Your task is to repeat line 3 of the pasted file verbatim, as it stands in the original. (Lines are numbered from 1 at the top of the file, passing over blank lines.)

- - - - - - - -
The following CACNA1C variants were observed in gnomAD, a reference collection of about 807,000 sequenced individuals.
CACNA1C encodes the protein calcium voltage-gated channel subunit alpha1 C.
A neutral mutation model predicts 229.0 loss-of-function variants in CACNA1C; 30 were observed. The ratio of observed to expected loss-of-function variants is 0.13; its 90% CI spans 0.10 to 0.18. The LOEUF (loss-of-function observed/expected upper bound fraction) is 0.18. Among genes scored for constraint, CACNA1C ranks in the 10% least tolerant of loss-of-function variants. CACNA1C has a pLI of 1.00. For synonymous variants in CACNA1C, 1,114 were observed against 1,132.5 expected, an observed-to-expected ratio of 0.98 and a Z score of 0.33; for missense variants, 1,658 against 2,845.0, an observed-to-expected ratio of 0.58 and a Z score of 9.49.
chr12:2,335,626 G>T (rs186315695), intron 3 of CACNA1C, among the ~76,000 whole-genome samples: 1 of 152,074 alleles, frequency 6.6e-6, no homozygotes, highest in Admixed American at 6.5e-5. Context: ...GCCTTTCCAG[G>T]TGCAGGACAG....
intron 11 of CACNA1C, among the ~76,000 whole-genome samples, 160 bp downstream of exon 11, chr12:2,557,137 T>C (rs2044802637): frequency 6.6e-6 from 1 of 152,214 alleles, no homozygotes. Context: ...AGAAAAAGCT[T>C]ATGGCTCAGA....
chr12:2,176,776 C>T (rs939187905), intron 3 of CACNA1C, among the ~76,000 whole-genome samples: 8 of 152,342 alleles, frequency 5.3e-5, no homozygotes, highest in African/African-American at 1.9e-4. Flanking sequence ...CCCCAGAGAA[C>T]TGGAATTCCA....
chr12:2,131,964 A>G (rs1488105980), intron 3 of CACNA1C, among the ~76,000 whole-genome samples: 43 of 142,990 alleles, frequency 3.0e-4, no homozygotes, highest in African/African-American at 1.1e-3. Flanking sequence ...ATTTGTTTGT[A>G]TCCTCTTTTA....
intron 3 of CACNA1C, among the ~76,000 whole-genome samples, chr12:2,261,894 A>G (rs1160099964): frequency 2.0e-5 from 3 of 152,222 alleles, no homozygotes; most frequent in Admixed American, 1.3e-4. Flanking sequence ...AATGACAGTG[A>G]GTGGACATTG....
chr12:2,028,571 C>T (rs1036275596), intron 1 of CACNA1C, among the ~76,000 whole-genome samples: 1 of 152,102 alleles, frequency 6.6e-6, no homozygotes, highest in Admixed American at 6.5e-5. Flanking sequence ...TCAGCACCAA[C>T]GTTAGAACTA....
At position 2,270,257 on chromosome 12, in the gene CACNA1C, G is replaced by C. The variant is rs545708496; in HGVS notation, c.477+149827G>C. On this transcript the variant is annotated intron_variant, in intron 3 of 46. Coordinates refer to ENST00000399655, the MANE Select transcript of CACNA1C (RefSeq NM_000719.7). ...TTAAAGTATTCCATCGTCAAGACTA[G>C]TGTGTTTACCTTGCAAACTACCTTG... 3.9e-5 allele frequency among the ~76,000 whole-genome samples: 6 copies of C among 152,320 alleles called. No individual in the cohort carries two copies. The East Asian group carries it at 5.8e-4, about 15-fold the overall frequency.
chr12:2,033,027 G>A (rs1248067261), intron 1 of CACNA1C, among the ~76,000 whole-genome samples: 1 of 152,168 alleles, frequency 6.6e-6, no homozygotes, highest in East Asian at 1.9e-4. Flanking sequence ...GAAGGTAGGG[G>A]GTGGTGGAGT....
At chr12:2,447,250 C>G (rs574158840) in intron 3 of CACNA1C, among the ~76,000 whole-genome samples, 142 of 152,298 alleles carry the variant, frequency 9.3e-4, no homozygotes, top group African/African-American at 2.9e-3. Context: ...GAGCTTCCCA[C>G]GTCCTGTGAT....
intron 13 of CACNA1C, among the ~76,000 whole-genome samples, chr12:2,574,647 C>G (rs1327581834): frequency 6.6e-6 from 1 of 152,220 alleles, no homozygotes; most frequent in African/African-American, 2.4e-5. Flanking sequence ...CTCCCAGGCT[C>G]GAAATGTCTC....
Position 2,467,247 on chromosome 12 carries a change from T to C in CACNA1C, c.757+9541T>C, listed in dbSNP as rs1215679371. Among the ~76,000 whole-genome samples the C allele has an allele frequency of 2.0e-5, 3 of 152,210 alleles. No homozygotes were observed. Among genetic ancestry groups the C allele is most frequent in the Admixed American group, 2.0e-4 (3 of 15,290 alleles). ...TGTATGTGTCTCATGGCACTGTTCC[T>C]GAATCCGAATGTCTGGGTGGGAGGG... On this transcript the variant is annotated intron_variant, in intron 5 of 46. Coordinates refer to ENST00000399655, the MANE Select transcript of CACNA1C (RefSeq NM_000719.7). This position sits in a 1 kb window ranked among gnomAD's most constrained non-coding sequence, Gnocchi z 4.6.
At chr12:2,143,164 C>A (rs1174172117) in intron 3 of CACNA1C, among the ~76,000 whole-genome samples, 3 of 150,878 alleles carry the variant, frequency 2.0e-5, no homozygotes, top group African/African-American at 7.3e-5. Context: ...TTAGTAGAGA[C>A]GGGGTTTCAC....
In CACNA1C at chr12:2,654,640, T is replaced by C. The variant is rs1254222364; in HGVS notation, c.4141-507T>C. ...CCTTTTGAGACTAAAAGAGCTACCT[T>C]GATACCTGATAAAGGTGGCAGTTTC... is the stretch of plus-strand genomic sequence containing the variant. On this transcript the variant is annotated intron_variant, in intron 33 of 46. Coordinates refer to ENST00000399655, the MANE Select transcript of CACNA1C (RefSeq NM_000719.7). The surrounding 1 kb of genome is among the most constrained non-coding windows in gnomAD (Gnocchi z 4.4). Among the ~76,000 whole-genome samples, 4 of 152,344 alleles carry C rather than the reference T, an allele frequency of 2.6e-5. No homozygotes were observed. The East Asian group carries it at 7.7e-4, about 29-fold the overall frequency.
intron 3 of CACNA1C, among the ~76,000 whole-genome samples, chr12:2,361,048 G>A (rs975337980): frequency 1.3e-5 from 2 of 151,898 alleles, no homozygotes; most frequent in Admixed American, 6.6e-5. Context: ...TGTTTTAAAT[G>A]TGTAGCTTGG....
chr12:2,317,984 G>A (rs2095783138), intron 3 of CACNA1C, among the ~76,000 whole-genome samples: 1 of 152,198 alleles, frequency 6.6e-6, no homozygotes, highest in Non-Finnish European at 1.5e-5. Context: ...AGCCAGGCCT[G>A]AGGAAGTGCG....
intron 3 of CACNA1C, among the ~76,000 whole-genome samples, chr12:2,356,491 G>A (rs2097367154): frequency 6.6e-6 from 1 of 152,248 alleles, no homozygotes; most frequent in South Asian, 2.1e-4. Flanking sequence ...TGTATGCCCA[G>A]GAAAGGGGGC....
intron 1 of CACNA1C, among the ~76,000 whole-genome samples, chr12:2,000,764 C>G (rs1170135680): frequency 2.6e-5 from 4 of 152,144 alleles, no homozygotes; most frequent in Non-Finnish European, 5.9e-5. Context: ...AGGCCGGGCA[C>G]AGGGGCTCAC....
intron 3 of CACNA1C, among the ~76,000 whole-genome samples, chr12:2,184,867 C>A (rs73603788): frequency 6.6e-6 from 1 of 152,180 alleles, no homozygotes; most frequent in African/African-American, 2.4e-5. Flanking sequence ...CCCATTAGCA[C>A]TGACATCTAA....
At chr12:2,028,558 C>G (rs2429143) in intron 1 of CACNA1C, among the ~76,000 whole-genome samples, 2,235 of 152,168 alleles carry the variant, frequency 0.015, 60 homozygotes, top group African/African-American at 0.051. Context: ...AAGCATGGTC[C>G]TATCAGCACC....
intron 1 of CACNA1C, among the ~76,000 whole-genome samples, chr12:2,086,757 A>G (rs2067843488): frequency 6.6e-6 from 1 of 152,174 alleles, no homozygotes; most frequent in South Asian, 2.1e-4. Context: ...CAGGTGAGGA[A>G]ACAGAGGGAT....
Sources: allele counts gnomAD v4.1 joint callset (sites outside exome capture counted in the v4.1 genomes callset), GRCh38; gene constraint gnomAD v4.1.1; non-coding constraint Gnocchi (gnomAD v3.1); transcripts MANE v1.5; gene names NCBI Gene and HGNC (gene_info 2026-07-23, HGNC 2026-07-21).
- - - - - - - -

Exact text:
A neutral mutation model predicts 229.0 loss-of-function variants in CACNA1C; 30 were observed. The ratio of observed to expected loss-of-function variants is 0.13; its 90% CI spans 0.10 to 0.18. The LOEUF (loss-of-function observed/expected upper bound fraction) is 0.18. Among genes scored for constraint, CACNA1C ranks in the 10% least tolerant of loss-of-function variants. CACNA1C has a pLI of 1.00. For synonymous variants in CACNA1C, 1,114 were observed against 1,132.5 expected, an observed-to-expected ratio of 0.98 and a Z score of 0.33; for missense variants, 1,658 against 2,845.0, an observed-to-expected ratio of 0.58 and a Z score of 9.49.